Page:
Seen as overnight sensations however they are over 25 years in the business. It all started with “Guitar Gangsters & Cadillac Blood” in 2008 and being added to the Metallica “Death Magnetic U.S. Tour”. Then in 2010, “Beyond Hell/Above Heaven” came out and while that was still selling, they released “Outlaw Gentlemen and Shady Ladies” in 2013 and they hit every major music market over and over again. Since then, they released “Seal the Deal and Let’s Boogie” and are continuing on their merry ways. For all the newbies, check out their streaming numbers. They are huge compared to other major label metal/rock acts.

Killswitch Engage/Times Of Grace
In 2013, Killswitch Engage released “Disarm the Descent”, their comeback album with Jesse Leach on vocals. And how good is “In Due Time” with brutal verses and an arena rock chorus. Then in February 2015, a new track called “Loyalty” appeared on “Catch The Throne: The Mixtape Volume 2” to promote “Game of Thrones”. They then toured and kept on working on “Incarnate” which finally came out on March 11, 2016. Since then, they toured and are planning on releasing a beer. Meanwhile, “Times of Grace” have five songs completed for a new album to come out, with their last one coming out in 2011.

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Music

Return Of 2015: Part III

NUMBER 8:
Days Of Jupiter – Only Ashes Remain
If you don’t like Disturbed’s comeback album, then get into this album.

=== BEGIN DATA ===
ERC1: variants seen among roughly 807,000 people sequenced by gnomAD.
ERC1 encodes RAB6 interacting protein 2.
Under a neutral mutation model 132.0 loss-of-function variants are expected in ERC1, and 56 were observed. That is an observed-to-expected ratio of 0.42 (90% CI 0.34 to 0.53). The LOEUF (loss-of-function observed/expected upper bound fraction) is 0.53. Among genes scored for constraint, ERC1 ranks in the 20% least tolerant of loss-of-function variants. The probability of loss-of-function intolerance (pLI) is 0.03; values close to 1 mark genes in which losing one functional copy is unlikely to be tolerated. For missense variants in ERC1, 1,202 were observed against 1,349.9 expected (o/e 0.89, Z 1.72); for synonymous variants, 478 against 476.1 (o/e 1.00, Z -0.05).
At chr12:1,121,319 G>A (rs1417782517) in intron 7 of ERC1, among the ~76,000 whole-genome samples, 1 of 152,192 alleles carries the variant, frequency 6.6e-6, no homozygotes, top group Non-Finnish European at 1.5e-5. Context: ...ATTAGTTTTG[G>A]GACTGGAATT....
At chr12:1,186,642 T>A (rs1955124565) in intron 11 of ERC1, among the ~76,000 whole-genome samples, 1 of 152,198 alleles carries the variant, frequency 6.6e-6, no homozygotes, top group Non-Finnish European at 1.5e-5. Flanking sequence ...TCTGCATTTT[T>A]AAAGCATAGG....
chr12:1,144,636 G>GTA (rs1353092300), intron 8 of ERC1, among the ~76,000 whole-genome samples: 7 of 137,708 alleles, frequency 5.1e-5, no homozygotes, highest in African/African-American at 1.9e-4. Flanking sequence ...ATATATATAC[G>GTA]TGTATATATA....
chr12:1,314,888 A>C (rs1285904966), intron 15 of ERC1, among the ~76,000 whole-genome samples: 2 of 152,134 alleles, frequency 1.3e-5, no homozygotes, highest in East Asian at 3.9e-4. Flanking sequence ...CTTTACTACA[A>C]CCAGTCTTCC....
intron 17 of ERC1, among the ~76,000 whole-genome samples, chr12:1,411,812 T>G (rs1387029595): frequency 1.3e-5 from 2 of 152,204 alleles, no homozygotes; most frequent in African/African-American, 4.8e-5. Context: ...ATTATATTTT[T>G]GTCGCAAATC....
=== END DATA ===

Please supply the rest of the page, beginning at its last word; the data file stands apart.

Days Of Jupiter hail from Sweden and they started in January 2010, however the members have been in various bands prior. Like anything to do with music, it’s a long way just to rock and roll.

They take Disturbed’s / Shinedown / Five Finger Death Punch and Alter Bridge style of music, amp it up with “Rammstein” style grooves, mix in some Tool progressive grooves, add in some Euro/Metal influences like Accept, Scorpions, Evergrey and top it off with Arena Rock choruses.

The result is “Only Ashes Remain”; their second album. For those that don’t know, “Secrets Brought to Life” released in 2012, is their debut album.

The opening moments of “Ashes” bring back memories of Five Finger Death Punch’s “The Bleeding”. “Broken Halo” is a hell of a good song. “Remember My Name” is a metal tour de force.

“I” reminds me of the “Draconian Times” album by Paradise Lost. “Shut Up” is a monster song, with that Rammstein marching beat and “Last One Alive” brings back the intro of “Ashes”.

NUMBER 9:
Sweet and Lynch – Only To Rise
The people who spread the word for the project are either fans of Stryper and Dokken or Michael Sweet and George Lynch. Sweet and Lynch are two veterans of the music business who know they need to play to their core. It is the core audience that will sustain them and it will be the core audience that will abandon them when they deviate too far from it. My review can be found here.

The whole album is an example of the progress is derivative model that I subscribe too.

NUMBER 10:
Muse – Drones